For most ham radio operators… having a decent working HF station is somewhat of a holy grail. First, let me define HF for those not familiar. The term HF stands for “high frequency”. This is the type of ham radio where you can talk around the world. Other types of ham radio (like VHF and UHF) are only suitable for local communications.
So most hams want to do HF, but it takes a lot more energy and effort. It also takes more dollars and higher license privileges. I’ve had the license privileges needed to do this for quite a few years. But I’ve only had an HF station very briefly. An HF antenna typically takes a lot of room. People who live in apartments or in houses that are on small lots face many challenges in setting up an antenna that will work. Also, many homeowners find themselves restricted from putting up antennas due to CC&R rules and such.
My wife and I recently bought a house and we live under such restrictions. The rule is basically, no antennas. However, there are a lot of “stealth” options available where you can put up an antenna (particularly a wire antenna) that people cannot see or will not recognize as an antenna. As I’ve recently become interested in operating HF, I’ve been thinking a lot about those options.
One possibility is putting up an antenna in one’s attic. Radio waves typically go right through wood and other building materials like sheetrock and roofing. However metal such as ducting or electrical wiring are problems. Other problems with antennas indoors or in the attic have to do with all the interference caused by normal household electronics. Not only will the electronics bother the radio reception, but the radio will likely bother the household electronics when it transmits as well. Then there is the reality that a misstep in the attic will mean a large hole in the ceiling and/or an injury. That’s the part that discourages me.
One can string wire antennas around their property. But a common example of a wire antenna would be 102 feet long. I have nowhere outside where I could possibly string a wire that long in a straight line. You can get creative and zig zag wires different directions or around corners but then you face the fact that it’s fairly likely that you’ll try many things that don’t work or don’t work very well. I know a lot of hams like this trial and error. But honestly, I just don’t want to dork around that much.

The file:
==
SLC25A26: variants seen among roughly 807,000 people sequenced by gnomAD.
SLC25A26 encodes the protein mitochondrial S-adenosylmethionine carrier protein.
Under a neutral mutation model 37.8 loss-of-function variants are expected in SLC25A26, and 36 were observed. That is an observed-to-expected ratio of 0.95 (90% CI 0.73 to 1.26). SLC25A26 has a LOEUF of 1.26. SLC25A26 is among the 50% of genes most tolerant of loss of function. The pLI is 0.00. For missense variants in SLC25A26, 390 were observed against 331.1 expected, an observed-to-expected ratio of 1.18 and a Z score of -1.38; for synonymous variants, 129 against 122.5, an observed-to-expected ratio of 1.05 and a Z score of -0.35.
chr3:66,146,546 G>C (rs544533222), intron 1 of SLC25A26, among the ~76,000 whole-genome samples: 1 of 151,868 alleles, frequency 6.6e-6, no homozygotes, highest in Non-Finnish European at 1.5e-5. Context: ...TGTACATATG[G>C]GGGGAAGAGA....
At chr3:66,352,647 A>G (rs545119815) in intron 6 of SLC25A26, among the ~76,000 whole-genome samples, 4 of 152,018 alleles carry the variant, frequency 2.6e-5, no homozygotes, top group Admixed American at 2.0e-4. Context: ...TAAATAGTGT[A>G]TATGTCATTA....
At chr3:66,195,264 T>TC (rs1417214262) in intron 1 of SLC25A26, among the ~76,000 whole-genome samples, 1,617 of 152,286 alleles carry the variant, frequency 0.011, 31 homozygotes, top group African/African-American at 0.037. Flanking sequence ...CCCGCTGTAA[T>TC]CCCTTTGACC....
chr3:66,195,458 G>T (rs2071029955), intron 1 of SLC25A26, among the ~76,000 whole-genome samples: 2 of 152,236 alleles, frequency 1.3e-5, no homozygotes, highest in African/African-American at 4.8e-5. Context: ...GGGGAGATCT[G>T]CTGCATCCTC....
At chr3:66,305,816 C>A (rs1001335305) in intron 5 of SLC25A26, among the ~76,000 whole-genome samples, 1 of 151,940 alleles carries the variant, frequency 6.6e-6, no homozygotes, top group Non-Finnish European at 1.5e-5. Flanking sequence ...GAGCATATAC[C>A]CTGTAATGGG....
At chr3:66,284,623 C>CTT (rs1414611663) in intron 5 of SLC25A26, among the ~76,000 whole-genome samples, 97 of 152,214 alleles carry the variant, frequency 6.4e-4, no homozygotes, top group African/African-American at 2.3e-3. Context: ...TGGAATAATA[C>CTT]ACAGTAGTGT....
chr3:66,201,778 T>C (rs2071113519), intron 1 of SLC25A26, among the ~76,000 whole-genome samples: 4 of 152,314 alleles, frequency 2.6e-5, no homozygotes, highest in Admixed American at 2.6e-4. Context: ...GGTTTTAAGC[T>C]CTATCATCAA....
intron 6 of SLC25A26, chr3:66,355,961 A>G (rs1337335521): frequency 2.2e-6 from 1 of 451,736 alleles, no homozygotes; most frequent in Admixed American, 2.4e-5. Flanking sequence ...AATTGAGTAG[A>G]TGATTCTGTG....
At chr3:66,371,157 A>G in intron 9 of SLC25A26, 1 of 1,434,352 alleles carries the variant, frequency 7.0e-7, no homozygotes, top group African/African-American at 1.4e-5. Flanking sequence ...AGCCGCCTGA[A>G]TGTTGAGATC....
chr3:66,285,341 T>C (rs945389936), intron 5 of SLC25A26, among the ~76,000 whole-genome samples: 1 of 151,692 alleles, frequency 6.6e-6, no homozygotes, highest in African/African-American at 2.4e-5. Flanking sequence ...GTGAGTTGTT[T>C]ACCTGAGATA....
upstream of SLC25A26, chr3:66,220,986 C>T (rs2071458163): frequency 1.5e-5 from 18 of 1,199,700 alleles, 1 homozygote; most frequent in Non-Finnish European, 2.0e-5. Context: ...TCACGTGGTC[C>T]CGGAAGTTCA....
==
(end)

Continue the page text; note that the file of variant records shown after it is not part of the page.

So I decided to go with the very well-known portable antenna called a Buddipole.
This will be 18 feet high. And while it’s not exactly “stealth”. It is not a fixed antenna. I can take it down in about one minute. And I would typically only have it up when it’s in use. So I think because it’s not mounted on the house or any fixed structure, I should be able to squeak by the restrictions. And it has the distinct advantage of being known as a very effective antenna (for it’s kind) where you basically follow the instructions, put it together, and it works! Gotta love it.
For my radio… I have long been wanting a Yaesu FT-857D. There was a $50 rebate on these that ended two days ago. I bought the radio online with the “will-call” shipping option on the last day of the rebate offer. I had been debating between that radio and the Yaesu FTDX1200. The FTDX1200 is far more radio. But it’s not as versatile (and certainly not as cheap). And it didn’t have a rebate.
However, the day after the rebate offer on the FT-857D expired I was on the store’s web site and guess what was on their front page? The FTDX1200… with a $200 rebate!
While it’s not typically going to be something I’ll take out of the house to operate at the park or whatever, it will be much nicer to use at home than the little FT-857D.
The reason for the title of this post… is because in spite of the fact that this is a “good” radio and a “good” antenna. There is no guarantee that it will work well here, or even be usable. There is only one way to know. It’s possible that it will totally suck. Here’s hoping it doesn’t.